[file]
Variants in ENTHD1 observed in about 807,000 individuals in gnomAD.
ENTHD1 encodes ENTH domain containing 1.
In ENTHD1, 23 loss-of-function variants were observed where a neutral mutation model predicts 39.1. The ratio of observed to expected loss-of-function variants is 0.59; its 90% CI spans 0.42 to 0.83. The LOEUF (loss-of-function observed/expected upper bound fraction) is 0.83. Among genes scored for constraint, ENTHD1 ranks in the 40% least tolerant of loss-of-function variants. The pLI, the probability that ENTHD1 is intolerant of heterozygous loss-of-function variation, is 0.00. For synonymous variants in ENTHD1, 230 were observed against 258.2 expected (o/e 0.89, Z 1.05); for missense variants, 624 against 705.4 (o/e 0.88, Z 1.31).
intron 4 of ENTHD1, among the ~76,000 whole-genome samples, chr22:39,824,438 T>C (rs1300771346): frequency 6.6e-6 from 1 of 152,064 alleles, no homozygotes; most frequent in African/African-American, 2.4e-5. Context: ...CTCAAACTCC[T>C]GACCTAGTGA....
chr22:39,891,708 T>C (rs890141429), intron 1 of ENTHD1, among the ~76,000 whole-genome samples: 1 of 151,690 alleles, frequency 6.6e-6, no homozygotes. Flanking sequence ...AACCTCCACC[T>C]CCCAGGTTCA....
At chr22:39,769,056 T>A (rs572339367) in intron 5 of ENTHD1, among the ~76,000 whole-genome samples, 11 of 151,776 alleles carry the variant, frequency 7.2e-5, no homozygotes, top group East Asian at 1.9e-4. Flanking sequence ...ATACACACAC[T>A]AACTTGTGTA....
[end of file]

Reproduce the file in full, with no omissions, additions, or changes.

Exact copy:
Variants in ENTHD1 observed in about 807,000 individuals in gnomAD.
ENTHD1 encodes ENTH domain containing 1.
In ENTHD1, 23 loss-of-function variants were observed where a neutral mutation model predicts 39.1. The ratio of observed to expected loss-of-function variants is 0.59; its 90% CI spans 0.42 to 0.83. The LOEUF (loss-of-function observed/expected upper bound fraction) is 0.83. Among genes scored for constraint, ENTHD1 ranks in the 40% least tolerant of loss-of-function variants. The pLI, the probability that ENTHD1 is intolerant of heterozygous loss-of-function variation, is 0.00. For synonymous variants in ENTHD1, 230 were observed against 258.2 expected (o/e 0.89, Z 1.05); for missense variants, 624 against 705.4 (o/e 0.88, Z 1.31).
intron 4 of ENTHD1, among the ~76,000 whole-genome samples, chr22:39,824,438 T>C (rs1300771346): frequency 6.6e-6 from 1 of 152,064 alleles, no homozygotes; most frequent in African/African-American, 2.4e-5. Context: ...CTCAAACTCC[T>C]GACCTAGTGA....
chr22:39,891,708 T>C (rs890141429), intron 1 of ENTHD1, among the ~76,000 whole-genome samples: 1 of 151,690 alleles, frequency 6.6e-6, no homozygotes. Flanking sequence ...AACCTCCACC[T>C]CCCAGGTTCA....
At chr22:39,769,056 T>A (rs572339367) in intron 5 of ENTHD1, among the ~76,000 whole-genome samples, 11 of 151,776 alleles carry the variant, frequency 7.2e-5, no homozygotes, top group East Asian at 1.9e-4. Flanking sequence ...ATACACACAC[T>A]AACTTGTGTA....